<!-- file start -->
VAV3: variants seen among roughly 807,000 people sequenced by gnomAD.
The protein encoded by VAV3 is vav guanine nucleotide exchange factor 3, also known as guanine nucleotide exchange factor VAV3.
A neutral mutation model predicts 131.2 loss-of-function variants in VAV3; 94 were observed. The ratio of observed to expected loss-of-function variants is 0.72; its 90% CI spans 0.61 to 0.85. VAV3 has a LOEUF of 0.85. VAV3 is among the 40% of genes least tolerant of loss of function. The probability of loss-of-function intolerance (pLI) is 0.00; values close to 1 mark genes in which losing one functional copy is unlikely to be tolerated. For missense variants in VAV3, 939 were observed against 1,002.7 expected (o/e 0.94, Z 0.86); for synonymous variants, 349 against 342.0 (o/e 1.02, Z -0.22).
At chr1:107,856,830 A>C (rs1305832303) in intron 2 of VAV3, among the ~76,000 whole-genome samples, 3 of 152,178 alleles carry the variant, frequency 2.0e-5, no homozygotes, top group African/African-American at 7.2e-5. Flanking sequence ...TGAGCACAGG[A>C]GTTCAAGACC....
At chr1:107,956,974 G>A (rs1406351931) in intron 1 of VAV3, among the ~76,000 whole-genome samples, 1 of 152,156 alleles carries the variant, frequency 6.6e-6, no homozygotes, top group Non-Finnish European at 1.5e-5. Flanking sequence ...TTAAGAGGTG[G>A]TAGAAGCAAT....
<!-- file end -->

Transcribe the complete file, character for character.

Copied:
VAV3: variants seen among roughly 807,000 people sequenced by gnomAD.
The protein encoded by VAV3 is vav guanine nucleotide exchange factor 3, also known as guanine nucleotide exchange factor VAV3.
A neutral mutation model predicts 131.2 loss-of-function variants in VAV3; 94 were observed. The ratio of observed to expected loss-of-function variants is 0.72; its 90% CI spans 0.61 to 0.85. VAV3 has a LOEUF of 0.85. VAV3 is among the 40% of genes least tolerant of loss of function. The probability of loss-of-function intolerance (pLI) is 0.00; values close to 1 mark genes in which losing one functional copy is unlikely to be tolerated. For missense variants in VAV3, 939 were observed against 1,002.7 expected (o/e 0.94, Z 0.86); for synonymous variants, 349 against 342.0 (o/e 1.02, Z -0.22).
At chr1:107,856,830 A>C (rs1305832303) in intron 2 of VAV3, among the ~76,000 whole-genome samples, 3 of 152,178 alleles carry the variant, frequency 2.0e-5, no homozygotes, top group African/African-American at 7.2e-5. Flanking sequence ...TGAGCACAGG[A>C]GTTCAAGACC....
At chr1:107,956,974 G>A (rs1406351931) in intron 1 of VAV3, among the ~76,000 whole-genome samples, 1 of 152,156 alleles carries the variant, frequency 6.6e-6, no homozygotes, top group Non-Finnish European at 1.5e-5. Flanking sequence ...TTAAGAGGTG[G>A]TAGAAGCAAT....